Jane ‘tis so!
John ‘tis not!
Jane ‘tis so!
John ‘tis not!
Jane ‘tis so! 
Jane bashes John over the head,

As the details emerged in this biography it seemed to me that Angela was like a magpie picking up bright things (and people) with which to line her writer's nest. The result of this unique evolution has been - despite the hagiographic splurge of comment that emerged after her very sadly early death at 51, the range of her literary output can still be seen is somewhat chaotic, derivative and distinctively un-synthesised.

These are the characteristics of an autodidact, of course. Being a bit of an autodidact myself I am aware that we grasp on every new bit of knowledge or insight like a sweetie and parade it around like a banner. Angela Carter did this with her mixture of Freud, Jung, Bruno Bettelheim, de Balzac, Baudelaire, Burgess, de Sade, Grimm, Perrault and many others (A formidable task for this biographer to explore ...)  Sweeties from all these sources were selected to fit her particular imagined world-viewn regarding what it was to be human or animal, what it was to be a man and what it was to be a woman. And she communicated her special view  that the differences between all these -  (animal, human, man, woman) were essentially a social construct rather that a given identity -  through her literary and journalistic output.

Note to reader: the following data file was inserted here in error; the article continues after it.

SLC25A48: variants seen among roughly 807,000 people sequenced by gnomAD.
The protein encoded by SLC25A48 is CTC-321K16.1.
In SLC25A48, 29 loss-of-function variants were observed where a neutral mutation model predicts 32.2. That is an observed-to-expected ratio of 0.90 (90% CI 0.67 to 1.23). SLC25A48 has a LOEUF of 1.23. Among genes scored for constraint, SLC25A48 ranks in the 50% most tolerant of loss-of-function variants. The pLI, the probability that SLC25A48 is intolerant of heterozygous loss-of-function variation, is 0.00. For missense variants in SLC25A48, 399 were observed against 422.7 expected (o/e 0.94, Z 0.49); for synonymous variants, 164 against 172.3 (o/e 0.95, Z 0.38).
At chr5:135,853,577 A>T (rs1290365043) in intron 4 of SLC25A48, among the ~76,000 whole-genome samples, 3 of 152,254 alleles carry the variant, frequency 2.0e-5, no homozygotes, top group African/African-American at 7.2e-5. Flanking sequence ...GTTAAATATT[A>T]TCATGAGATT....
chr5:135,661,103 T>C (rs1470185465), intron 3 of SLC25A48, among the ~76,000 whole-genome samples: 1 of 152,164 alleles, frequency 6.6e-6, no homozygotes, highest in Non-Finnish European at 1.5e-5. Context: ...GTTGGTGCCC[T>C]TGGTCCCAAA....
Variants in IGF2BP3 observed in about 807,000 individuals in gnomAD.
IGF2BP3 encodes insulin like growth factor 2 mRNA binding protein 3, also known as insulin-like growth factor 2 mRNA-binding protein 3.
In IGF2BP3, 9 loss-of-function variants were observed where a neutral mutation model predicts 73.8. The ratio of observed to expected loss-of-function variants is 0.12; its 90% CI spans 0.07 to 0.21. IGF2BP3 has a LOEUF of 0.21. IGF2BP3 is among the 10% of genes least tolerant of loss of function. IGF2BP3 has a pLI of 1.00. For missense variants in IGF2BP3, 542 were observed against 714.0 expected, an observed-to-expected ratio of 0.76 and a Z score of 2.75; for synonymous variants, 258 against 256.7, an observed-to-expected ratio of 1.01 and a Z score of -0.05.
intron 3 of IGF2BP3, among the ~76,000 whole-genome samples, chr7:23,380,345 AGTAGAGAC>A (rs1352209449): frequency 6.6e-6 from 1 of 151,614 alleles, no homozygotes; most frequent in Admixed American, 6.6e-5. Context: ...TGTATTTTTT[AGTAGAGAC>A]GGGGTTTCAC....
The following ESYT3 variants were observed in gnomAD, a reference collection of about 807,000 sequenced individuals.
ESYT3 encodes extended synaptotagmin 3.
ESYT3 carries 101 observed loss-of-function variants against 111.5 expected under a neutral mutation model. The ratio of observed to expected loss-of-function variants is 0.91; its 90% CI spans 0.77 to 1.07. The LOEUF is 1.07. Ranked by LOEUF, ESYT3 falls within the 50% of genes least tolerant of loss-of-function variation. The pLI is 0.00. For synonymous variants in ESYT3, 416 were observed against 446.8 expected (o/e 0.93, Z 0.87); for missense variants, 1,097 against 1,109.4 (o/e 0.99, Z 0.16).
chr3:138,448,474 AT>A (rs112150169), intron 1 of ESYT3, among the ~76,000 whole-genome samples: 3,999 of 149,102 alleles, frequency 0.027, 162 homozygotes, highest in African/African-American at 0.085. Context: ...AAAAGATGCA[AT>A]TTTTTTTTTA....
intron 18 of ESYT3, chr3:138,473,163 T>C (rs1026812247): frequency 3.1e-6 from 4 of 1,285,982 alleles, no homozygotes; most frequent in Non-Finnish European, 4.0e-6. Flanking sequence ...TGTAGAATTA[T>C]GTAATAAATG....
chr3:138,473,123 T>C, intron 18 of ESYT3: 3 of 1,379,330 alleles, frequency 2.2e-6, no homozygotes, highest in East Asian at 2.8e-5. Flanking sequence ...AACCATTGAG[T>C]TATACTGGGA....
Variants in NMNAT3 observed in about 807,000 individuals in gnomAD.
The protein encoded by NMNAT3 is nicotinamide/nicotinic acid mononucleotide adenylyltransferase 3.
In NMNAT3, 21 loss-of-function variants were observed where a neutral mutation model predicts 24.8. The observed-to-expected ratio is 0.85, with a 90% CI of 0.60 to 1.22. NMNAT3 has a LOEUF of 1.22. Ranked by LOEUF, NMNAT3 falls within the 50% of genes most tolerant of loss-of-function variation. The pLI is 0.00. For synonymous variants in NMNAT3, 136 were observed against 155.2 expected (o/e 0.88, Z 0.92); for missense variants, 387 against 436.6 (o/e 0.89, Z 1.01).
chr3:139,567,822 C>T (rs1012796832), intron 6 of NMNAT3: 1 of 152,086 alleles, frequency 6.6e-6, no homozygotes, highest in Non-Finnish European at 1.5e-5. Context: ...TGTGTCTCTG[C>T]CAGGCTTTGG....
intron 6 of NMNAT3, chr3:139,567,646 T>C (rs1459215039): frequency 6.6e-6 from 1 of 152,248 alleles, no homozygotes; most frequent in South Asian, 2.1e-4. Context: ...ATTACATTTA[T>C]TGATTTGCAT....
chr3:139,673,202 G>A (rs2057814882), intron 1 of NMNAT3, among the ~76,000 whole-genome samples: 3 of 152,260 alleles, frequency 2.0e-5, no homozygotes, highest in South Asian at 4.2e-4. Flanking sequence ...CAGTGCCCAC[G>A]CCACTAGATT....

I began to think that there is something of the infant in Angela’s phenomenal self-absorption.  I was also very impressed by her literary self-confidence. She always felt she was a great writer and fated to be famous, and convinced the people around her of this, through her forceful self belief, her overt un-synthesised scholarship, alongside her mannered whimsical charismatic charm. These qualities in total made her  free spirit attractive to a wide range of people who were much less sure of themselves in those changing times. These included Carmen Calill and Liz Calder, themselves gifted literary change makers; they included her baffled depressed first husband and her silent, enamoured young second husband. They included her two Japanese houseboy/lovers – one who thrived in later life, on who didn’t. They included some of the students she mentored at the Universities of Sheffield and East Anglia. (The advice she gave, documented here, seems strange to me.)

I began to think that her greatest creative product was herself; self-made, self-storying, self-constructed. Her complex  construction included the paradoxes confident/awkward, boastful/overtly modesty.